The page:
A little over three years ago, my husband wrote a feature length script for a film called MONIKER. Written out long hand, meticulously edited and then typed out on a vintage type writer which I can still hear sometimes ringing in my ear. A gift for our first wedding anniversary, Clay gave me a dream role on more than one level. The lead character was Maggie - a woman dealing with trauma in her own right and thrown into a well crafted thriller. At the time, I wasn't sure I was up to it. Dealing with unresolved issues of my own I had grown into the habit of avoiding anything that -sorry if this sounds cheesy- made me feel. I was flattered nonetheless and after some serious convincing, Clay put the fate of MONIKER in my hands as not only Maggie but as the film's Director.
We jumped into the frenzy and started to stumble through "How do you make a film?" Coffee meeting after coffee meeting we met with actors, crew, potential investors and mentors. At one point I met with a wonderful indie filmmaker by the name of Jenn Wexler. I had met her over the years at various Glass Eye Pix events and was lucky to see her rise to the badass directress she has become. (Check out her feature directorial debut THE RANGER) Anyway, over kombucha in Dumbo, she offered up all I needed logistically to make a film but also a gem of true insight: make your projects personal.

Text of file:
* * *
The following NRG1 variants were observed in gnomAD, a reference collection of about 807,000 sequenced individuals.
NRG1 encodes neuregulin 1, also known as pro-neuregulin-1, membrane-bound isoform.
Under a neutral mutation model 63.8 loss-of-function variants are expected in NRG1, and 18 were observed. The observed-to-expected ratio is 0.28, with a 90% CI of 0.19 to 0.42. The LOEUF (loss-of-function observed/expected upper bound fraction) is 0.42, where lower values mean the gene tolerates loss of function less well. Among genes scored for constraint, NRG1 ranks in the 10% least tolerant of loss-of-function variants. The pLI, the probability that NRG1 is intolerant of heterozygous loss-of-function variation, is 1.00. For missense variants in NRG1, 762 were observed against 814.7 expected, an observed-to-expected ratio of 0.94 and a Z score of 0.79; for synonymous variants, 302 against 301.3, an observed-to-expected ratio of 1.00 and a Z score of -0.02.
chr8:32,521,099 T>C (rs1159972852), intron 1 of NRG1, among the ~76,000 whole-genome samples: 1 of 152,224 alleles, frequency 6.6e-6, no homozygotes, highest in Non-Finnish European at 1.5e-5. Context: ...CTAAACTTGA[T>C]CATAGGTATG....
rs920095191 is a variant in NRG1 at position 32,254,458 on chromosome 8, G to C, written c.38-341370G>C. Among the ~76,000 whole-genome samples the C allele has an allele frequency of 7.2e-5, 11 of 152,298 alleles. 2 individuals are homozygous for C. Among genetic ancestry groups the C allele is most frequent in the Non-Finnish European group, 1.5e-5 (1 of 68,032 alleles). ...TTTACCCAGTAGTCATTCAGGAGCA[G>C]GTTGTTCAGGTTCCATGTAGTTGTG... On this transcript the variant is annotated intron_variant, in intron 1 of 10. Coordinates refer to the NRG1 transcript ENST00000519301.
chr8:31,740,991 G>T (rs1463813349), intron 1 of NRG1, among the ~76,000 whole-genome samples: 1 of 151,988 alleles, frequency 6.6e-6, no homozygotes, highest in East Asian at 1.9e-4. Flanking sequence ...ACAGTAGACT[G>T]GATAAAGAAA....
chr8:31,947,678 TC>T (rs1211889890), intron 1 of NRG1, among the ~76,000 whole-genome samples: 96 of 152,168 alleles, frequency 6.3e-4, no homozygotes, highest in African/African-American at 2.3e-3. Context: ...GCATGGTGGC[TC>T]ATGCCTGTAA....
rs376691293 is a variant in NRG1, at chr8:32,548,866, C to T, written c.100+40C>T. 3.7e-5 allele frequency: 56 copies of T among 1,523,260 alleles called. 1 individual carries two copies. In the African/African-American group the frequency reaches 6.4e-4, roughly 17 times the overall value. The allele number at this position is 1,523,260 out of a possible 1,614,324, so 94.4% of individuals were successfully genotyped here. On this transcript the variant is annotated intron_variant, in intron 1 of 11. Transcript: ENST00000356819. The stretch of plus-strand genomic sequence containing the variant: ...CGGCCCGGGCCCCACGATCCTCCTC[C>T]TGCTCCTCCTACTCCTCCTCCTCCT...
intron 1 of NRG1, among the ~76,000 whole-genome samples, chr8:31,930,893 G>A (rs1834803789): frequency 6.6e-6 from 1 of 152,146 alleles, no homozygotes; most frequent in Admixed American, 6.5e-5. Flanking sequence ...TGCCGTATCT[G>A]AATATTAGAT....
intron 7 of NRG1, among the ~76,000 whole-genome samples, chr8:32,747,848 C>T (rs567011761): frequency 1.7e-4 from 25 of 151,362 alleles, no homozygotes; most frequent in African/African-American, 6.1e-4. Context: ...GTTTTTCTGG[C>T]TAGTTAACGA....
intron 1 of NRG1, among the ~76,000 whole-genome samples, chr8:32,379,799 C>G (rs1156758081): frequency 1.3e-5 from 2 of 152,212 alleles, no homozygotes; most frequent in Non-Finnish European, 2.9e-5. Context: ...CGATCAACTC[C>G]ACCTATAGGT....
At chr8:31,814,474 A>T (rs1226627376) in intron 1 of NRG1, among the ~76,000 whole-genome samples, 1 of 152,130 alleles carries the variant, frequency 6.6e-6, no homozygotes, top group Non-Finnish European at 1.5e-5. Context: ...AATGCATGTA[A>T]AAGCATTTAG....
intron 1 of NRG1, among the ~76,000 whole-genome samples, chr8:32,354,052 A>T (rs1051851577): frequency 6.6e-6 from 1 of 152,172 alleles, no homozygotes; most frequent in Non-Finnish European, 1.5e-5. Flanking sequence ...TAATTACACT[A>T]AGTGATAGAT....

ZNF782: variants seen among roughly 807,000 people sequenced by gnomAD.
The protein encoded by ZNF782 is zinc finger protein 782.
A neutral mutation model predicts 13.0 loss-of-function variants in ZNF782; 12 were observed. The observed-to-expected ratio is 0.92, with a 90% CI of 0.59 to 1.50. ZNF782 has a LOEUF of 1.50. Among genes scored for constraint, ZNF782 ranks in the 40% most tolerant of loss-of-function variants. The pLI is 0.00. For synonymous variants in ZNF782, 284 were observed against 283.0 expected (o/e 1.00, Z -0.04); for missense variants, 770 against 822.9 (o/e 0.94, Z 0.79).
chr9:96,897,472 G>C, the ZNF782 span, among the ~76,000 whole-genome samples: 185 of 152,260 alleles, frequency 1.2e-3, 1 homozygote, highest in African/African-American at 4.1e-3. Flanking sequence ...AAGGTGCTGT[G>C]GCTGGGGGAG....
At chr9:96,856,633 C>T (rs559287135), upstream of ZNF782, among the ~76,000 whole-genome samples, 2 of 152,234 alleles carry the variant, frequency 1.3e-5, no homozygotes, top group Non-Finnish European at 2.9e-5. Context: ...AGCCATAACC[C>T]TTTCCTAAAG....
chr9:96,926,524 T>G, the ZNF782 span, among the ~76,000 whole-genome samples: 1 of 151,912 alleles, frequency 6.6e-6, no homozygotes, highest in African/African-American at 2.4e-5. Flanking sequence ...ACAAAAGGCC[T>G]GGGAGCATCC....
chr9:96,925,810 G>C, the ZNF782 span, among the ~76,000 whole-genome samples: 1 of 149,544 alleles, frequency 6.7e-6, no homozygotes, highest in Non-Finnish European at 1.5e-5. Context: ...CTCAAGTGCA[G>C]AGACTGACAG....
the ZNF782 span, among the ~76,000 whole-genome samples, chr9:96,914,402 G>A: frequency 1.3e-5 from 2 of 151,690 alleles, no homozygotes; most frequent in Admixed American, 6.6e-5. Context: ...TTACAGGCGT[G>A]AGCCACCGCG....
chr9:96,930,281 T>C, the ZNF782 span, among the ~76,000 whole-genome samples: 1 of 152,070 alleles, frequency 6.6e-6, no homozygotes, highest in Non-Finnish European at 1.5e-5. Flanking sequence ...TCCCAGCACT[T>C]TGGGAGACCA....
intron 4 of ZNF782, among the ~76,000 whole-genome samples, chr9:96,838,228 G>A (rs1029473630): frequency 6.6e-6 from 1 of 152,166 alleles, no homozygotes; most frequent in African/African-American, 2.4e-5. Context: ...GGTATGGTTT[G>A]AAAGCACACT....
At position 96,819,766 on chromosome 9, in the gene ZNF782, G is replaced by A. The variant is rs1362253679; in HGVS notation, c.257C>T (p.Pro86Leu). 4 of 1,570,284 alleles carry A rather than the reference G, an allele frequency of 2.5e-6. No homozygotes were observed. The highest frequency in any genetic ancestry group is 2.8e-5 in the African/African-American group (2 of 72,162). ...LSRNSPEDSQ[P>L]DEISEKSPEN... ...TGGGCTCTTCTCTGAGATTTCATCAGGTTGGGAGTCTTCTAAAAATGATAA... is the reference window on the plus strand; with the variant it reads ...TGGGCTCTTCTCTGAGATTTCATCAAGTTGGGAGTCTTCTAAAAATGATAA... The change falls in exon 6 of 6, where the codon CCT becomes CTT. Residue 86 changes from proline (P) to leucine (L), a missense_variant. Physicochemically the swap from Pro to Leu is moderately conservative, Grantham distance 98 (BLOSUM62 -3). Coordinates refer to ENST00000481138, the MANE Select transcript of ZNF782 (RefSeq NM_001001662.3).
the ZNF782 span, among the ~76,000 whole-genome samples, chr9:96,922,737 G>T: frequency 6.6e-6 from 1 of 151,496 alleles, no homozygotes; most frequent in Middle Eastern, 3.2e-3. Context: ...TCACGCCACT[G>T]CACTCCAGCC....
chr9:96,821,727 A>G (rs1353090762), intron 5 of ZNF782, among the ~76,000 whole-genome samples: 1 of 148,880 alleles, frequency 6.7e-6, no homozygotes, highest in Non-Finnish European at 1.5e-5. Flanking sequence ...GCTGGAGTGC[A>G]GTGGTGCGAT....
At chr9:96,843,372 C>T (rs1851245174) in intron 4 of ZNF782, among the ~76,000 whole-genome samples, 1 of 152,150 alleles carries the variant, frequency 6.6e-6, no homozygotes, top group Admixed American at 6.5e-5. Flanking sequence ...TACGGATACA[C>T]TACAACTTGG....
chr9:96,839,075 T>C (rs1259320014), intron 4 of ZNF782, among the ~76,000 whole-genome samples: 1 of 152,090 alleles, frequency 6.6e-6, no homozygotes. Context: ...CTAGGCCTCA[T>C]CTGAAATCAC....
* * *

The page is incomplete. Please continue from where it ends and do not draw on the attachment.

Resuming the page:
After some contemplation I decided to take her words to heart and build my plan to make MONIKER its finest. I'd have to make something from me first. My hesitance from this feature and so many others was relinquishing control. What was at the heart of that? Layers. I needed to explore part of my trauma and, in that risk, free my desperate need for control. I put together THE SLIGHTEST TOUCH. Making this project a part of my journey in healing made it vital to my survival not only as an artist but as a person.
In making the film I spoke passionately because it was my passion. I was in a fever dream learning everything I could about filmmaking but also what it meant to me. The subject was Post Traumatic Stress Disorder and the mission was to portray my voice and undoubtedly others like me. The visual medium would bring the deep feeling of stigma out of the shadows and into the light to offer, even temporarily, a sense of YOU ARE NOT ALONE. In embedding this feeling into the film from screenplay to edit to screening- I made it personal and followed through as a result.